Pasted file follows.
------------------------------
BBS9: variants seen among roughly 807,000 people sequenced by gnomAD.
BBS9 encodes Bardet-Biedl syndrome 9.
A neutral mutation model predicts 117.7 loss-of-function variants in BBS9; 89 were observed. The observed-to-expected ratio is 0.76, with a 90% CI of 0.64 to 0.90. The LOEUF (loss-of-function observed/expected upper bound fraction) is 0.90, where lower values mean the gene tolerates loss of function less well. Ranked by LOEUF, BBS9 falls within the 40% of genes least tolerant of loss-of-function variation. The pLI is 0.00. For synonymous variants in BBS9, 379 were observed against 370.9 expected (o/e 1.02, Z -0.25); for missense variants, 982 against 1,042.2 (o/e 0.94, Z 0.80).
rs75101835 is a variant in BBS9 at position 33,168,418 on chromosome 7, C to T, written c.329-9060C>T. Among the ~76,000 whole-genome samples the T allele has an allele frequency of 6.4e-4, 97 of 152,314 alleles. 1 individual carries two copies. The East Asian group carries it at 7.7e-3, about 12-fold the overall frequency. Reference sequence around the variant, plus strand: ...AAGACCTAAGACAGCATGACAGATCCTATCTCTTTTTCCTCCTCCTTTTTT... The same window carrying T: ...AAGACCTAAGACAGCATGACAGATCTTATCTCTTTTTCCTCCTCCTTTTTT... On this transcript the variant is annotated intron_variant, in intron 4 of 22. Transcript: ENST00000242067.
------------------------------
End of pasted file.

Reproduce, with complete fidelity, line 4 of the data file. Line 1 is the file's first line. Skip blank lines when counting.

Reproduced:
rs75101835 is a variant in BBS9 at position 33,168,418 on chromosome 7, C to T, written c.329-9060C>T. Among the ~76,000 whole-genome samples the T allele has an allele frequency of 6.4e-4, 97 of 152,314 alleles. 1 individual carries two copies. The East Asian group carries it at 7.7e-3, about 12-fold the overall frequency. Reference sequence around the variant, plus strand: ...AAGACCTAAGACAGCATGACAGATCCTATCTCTTTTTCCTCCTCCTTTTTT... The same window carrying T: ...AAGACCTAAGACAGCATGACAGATCTTATCTCTTTTTCCTCCTCCTTTTTT... On this transcript the variant is annotated intron_variant, in intron 4 of 22. Transcript: ENST00000242067.